Democratic House Leader Nancy Pelosi accused Trump of trying to distract attention from healthcare policy, which Democrats have identified as a top election issue.

“President Trump’s new claim he can unilaterally end the Constitution’s guarantee of citizenship shows Republicans’ spiraling desperation to distract from their assault on Medicare, Medicaid and people with pre-existing conditions,” Pelosi said in a statement.

The legal argument espoused by conservative activists for excluding children of illegal immigrants would likely be based around the language in the 14th Amendment that says people born in the United States are citizens if they are “subject to the jurisdiction” of the United States.

Activists seeking to limit immigration, including Michael Anton, who wrote an article on the subject for the Washington Post in July, argue that illegal immigrants are not under the jurisdiction of the United States and therefore their children born on U.S. soil should not be U.S. citizens.

Most legal scholars say the jurisdiction language denies citizenship only to those who are not bound by U.S. law, such as the children of foreign diplomats.

Ilya Shapiro, a lawyer with the libertarian Cato Institute, said that although there is a debate in academic circles among conservatives on whether Congress could legislate on the issue without running afoul of the 14th Amendment, “it’s not something that can be done by executive action alone.”

At least since 2005, Republicans in the U.S. Congress have regularly offered legislation ending birthright citizenship for children born in the United States if their parents were in the United States illegally. But the legislation has never advanced, even when the House of Representatives or Senate was under Republican control.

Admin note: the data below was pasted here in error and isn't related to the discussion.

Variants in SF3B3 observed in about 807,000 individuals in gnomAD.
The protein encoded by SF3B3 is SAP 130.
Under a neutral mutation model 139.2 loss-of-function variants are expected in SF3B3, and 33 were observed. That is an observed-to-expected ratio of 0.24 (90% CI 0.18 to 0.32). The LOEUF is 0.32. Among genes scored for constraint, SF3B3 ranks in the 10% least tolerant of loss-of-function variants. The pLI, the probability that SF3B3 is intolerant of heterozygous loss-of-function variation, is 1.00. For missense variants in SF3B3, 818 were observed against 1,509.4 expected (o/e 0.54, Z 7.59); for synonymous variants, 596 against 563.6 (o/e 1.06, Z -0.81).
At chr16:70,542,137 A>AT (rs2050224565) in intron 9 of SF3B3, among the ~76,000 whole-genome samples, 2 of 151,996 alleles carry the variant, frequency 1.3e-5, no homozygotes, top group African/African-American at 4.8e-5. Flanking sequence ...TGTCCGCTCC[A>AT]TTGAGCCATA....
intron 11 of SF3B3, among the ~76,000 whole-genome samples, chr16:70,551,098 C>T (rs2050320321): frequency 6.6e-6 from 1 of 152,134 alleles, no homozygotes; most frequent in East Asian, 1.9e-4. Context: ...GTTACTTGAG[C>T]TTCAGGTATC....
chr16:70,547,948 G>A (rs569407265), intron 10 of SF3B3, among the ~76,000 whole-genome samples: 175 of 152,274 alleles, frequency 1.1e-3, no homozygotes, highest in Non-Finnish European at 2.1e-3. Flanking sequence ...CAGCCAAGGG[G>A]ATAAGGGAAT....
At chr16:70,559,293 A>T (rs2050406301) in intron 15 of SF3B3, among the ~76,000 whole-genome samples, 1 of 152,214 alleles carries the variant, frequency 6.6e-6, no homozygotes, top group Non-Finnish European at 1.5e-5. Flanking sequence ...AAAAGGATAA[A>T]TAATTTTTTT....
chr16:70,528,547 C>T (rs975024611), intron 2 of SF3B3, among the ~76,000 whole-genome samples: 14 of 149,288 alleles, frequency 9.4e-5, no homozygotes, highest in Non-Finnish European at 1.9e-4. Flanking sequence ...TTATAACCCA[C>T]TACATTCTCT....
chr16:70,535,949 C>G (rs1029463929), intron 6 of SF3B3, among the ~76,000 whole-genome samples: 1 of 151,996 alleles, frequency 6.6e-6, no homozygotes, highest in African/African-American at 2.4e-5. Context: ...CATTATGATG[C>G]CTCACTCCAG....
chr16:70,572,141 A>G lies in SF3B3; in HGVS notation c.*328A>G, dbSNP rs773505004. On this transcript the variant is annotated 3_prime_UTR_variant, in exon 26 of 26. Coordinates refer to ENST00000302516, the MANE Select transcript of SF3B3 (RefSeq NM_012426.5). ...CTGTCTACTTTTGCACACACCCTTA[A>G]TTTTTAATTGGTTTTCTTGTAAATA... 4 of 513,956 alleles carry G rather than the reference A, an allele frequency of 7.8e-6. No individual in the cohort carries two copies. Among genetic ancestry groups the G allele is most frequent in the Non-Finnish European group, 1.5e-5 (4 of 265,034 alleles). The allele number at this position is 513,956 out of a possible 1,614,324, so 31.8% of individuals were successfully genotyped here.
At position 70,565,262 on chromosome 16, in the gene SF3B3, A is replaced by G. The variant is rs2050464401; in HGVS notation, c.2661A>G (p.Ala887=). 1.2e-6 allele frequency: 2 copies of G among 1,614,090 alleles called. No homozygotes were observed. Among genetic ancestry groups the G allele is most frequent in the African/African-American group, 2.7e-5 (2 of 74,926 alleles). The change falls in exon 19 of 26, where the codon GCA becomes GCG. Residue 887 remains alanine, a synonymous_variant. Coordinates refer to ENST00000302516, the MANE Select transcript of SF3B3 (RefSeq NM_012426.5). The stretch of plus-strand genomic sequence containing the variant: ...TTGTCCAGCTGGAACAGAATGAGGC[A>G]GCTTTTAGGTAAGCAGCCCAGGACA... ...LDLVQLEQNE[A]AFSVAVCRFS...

Vice President Mike Pence said the plan may not be unconstitutional, telling Politico in an interview that while “we all cherish” the 14th amendment, the U.S. Supreme Court has not weighed in on the issue entirely.

“But the Supreme Court of the United States has never ruled on whether or not the language of the 14th amendment, subject to the jurisdiction thereof, applies specifically to people who are in the country illegally,” Pence said.

The Supreme Court has not ruled specifically on the issue of whether illegal immigrants can be denied birthright citizenship.

In 1898, however, in the case of a man born in San Francisco to Chinese immigrants who lived permanently in the United States, the court ruled that the government could not deny him citizenship.

Saikrishna Prakash, a conservative legal scholar at the University of Virginia, said Trump faces long legal odds to ending citizenship as a birthright.

“We’re a nation of immigrants so if I were to bet I would think the president is going to lose,” he said.

Reporting by Susan Heavey and Lawrence Hurley in Washington; Additional reporting by Andrew Chung, Yeganeh Torbati, Lisa Lambert and Richard Cowan in Washington; Writing by Alistair Bell; Editing by Jeffrey Benkoe and Grant McCool